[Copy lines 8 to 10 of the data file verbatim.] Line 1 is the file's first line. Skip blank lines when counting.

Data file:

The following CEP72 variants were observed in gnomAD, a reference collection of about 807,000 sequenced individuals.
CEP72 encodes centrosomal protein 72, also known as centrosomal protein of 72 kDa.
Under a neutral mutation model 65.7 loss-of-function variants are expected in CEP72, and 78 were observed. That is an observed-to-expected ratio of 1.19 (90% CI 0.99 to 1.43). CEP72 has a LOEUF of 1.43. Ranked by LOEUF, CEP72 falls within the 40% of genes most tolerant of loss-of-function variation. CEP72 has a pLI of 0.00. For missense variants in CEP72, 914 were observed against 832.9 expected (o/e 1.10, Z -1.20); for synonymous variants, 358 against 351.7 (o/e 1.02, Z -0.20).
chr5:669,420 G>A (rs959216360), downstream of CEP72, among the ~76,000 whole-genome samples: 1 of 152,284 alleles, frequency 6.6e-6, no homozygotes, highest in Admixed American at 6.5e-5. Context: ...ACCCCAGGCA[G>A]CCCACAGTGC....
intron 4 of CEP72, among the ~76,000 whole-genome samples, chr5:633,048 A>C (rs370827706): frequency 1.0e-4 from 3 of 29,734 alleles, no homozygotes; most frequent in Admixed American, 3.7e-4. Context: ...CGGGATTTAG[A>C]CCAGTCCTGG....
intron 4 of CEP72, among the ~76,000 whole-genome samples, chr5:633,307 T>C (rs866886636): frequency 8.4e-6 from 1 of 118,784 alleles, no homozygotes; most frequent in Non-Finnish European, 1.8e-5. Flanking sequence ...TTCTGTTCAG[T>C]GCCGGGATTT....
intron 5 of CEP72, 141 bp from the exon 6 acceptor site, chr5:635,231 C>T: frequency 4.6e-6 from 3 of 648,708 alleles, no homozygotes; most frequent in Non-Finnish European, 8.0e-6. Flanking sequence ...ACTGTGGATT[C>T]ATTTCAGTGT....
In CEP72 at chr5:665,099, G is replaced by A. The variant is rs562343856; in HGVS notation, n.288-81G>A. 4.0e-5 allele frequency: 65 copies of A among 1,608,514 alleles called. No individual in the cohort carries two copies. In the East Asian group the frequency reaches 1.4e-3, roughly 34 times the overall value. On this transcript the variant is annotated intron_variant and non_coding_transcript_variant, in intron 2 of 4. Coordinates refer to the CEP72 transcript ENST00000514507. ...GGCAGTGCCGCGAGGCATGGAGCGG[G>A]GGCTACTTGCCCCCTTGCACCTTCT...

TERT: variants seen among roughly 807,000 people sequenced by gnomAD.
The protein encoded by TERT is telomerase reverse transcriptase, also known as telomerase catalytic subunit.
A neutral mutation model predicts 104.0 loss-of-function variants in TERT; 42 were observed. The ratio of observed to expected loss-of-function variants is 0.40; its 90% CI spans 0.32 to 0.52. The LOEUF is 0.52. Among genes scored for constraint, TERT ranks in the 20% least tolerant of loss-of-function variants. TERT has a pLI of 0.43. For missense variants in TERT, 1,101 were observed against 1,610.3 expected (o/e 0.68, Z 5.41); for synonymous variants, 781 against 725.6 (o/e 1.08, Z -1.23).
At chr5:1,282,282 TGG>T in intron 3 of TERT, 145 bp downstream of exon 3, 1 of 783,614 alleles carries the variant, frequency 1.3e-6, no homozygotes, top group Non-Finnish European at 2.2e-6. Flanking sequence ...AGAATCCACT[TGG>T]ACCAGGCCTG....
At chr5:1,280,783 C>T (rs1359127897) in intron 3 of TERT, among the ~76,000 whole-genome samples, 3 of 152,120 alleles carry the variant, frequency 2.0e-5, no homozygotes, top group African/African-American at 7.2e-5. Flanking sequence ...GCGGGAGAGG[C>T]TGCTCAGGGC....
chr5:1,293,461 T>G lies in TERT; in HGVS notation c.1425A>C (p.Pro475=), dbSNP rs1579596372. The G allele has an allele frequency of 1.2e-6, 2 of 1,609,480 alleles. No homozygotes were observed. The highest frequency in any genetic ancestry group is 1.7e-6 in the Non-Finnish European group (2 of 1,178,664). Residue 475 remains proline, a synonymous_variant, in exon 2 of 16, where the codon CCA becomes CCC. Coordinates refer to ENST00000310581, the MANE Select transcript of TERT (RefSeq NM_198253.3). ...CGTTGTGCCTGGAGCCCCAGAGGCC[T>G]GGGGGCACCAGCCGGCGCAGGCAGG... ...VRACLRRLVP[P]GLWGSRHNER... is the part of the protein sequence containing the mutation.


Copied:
In CEP72 at chr5:665,099, G is replaced by A. The variant is rs562343856; in HGVS notation, n.288-81G>A. 4.0e-5 allele frequency: 65 copies of A among 1,608,514 alleles called. No individual in the cohort carries two copies. In the East Asian group the frequency reaches 1.4e-3, roughly 34 times the overall value. On this transcript the variant is annotated intron_variant and non_coding_transcript_variant, in intron 2 of 4. Coordinates refer to the CEP72 transcript ENST00000514507. ...GGCAGTGCCGCGAGGCATGGAGCGG[G>A]GGCTACTTGCCCCCTTGCACCTTCT...

TERT: variants seen among roughly 807,000 people sequenced by gnomAD.
The protein encoded by TERT is telomerase reverse transcriptase, also known as telomerase catalytic subunit.